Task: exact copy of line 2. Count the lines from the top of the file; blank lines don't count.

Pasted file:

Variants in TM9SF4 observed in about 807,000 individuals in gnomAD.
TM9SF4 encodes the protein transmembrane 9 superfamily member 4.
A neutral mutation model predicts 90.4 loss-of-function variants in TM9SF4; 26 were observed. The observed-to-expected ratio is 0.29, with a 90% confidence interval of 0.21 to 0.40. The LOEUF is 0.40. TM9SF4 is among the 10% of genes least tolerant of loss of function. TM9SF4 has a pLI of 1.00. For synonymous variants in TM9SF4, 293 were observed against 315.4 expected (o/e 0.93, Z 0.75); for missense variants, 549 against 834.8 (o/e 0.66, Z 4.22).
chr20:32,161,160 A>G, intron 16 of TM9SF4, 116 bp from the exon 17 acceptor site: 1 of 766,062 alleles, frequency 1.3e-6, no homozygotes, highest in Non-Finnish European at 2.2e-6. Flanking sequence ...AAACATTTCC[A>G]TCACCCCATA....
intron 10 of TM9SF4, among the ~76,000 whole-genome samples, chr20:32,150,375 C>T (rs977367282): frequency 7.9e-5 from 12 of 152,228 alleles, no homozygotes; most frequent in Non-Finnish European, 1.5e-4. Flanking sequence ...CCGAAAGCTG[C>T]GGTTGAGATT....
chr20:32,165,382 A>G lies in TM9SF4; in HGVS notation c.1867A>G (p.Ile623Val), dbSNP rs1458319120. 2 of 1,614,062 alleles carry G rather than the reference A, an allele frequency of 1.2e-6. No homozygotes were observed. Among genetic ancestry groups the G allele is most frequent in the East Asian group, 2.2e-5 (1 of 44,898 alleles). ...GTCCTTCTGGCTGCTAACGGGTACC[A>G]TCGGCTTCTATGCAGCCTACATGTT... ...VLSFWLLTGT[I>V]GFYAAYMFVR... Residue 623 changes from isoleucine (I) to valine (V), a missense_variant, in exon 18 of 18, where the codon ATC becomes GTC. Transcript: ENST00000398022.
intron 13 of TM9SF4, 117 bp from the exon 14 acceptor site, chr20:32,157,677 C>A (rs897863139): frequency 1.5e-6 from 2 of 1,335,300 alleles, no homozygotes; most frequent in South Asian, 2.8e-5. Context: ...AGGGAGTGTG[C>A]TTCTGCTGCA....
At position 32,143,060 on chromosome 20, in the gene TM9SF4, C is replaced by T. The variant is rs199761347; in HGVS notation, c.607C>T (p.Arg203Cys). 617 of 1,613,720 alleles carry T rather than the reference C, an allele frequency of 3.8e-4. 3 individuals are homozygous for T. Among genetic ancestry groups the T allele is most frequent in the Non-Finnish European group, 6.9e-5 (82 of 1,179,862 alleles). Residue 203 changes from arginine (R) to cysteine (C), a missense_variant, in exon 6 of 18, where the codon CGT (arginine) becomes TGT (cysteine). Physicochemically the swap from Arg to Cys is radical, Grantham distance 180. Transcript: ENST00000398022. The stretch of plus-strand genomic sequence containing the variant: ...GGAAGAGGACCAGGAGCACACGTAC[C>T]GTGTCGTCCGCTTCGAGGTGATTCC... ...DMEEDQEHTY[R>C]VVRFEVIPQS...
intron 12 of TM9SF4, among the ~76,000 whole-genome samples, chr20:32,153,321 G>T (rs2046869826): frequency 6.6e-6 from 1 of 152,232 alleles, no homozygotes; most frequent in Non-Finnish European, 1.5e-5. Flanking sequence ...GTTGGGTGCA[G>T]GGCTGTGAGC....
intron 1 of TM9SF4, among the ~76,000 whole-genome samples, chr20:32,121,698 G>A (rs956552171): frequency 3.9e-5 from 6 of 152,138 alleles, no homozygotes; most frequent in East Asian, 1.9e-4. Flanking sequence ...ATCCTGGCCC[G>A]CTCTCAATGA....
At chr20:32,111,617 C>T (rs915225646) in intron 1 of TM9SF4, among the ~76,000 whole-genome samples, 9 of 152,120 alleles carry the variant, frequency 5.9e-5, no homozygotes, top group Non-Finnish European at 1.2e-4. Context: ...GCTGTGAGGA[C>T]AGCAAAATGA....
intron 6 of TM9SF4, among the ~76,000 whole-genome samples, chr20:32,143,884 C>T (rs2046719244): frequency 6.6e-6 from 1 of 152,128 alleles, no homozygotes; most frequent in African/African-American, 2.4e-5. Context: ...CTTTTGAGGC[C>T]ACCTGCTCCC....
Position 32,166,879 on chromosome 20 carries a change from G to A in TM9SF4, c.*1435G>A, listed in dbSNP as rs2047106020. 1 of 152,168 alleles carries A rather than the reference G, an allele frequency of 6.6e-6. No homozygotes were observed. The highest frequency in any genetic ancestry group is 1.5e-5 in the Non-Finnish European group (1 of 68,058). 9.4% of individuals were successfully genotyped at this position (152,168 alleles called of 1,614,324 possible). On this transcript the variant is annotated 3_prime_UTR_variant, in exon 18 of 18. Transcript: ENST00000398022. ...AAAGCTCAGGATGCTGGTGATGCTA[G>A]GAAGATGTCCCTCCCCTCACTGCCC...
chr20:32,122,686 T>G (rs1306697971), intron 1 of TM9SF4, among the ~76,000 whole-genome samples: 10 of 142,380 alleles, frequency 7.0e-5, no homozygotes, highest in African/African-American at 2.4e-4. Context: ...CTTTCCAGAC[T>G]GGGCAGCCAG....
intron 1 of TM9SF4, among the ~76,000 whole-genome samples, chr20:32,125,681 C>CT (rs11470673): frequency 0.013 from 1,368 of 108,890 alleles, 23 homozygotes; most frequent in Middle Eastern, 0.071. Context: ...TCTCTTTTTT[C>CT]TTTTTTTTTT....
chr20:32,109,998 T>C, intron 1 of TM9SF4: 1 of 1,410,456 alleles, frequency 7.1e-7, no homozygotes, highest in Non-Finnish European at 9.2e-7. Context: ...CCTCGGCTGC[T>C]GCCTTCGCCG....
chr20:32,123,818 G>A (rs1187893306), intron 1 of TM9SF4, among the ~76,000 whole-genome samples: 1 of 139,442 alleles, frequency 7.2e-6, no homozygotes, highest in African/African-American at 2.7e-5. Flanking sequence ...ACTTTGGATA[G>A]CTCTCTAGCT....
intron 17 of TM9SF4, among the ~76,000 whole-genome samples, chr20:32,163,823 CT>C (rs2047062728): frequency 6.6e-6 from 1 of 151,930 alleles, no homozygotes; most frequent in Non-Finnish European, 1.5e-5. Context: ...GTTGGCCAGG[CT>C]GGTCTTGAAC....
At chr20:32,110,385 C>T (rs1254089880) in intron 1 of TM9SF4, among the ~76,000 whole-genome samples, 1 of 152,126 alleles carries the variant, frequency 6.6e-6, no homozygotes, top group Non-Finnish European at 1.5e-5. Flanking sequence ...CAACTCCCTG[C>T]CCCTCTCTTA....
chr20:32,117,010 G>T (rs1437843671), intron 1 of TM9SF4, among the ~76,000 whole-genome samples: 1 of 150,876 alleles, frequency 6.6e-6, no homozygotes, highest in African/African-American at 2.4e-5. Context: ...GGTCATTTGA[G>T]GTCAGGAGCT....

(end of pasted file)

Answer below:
TM9SF4 encodes the protein transmembrane 9 superfamily member 4.